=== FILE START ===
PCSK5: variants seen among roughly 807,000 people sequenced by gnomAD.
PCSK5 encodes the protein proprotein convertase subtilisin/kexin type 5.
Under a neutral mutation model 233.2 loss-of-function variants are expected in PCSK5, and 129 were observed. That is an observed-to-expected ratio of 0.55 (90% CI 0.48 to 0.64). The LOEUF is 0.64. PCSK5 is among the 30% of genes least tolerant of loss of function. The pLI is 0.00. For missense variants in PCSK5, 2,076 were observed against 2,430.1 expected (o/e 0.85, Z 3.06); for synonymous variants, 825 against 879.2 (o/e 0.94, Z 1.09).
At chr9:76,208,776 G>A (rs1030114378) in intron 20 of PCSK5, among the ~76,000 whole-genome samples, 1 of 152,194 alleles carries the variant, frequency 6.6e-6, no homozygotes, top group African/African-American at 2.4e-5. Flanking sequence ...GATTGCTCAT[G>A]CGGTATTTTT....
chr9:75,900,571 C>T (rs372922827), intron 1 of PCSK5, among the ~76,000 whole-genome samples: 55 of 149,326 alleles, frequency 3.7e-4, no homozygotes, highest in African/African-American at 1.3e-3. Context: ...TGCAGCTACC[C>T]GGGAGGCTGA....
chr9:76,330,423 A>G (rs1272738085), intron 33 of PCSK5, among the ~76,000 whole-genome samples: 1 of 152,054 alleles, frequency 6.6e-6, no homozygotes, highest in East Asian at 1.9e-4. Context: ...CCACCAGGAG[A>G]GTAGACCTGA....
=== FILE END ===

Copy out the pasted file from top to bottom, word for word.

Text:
PCSK5: variants seen among roughly 807,000 people sequenced by gnomAD.
PCSK5 encodes the protein proprotein convertase subtilisin/kexin type 5.
Under a neutral mutation model 233.2 loss-of-function variants are expected in PCSK5, and 129 were observed. That is an observed-to-expected ratio of 0.55 (90% CI 0.48 to 0.64). The LOEUF is 0.64. PCSK5 is among the 30% of genes least tolerant of loss of function. The pLI is 0.00. For missense variants in PCSK5, 2,076 were observed against 2,430.1 expected (o/e 0.85, Z 3.06); for synonymous variants, 825 against 879.2 (o/e 0.94, Z 1.09).
At chr9:76,208,776 G>A (rs1030114378) in intron 20 of PCSK5, among the ~76,000 whole-genome samples, 1 of 152,194 alleles carries the variant, frequency 6.6e-6, no homozygotes, top group African/African-American at 2.4e-5. Flanking sequence ...GATTGCTCAT[G>A]CGGTATTTTT....
chr9:75,900,571 C>T (rs372922827), intron 1 of PCSK5, among the ~76,000 whole-genome samples: 55 of 149,326 alleles, frequency 3.7e-4, no homozygotes, highest in African/African-American at 1.3e-3. Context: ...TGCAGCTACC[C>T]GGGAGGCTGA....
chr9:76,330,423 A>G (rs1272738085), intron 33 of PCSK5, among the ~76,000 whole-genome samples: 1 of 152,054 alleles, frequency 6.6e-6, no homozygotes, highest in East Asian at 1.9e-4. Context: ...CCACCAGGAG[A>G]GTAGACCTGA....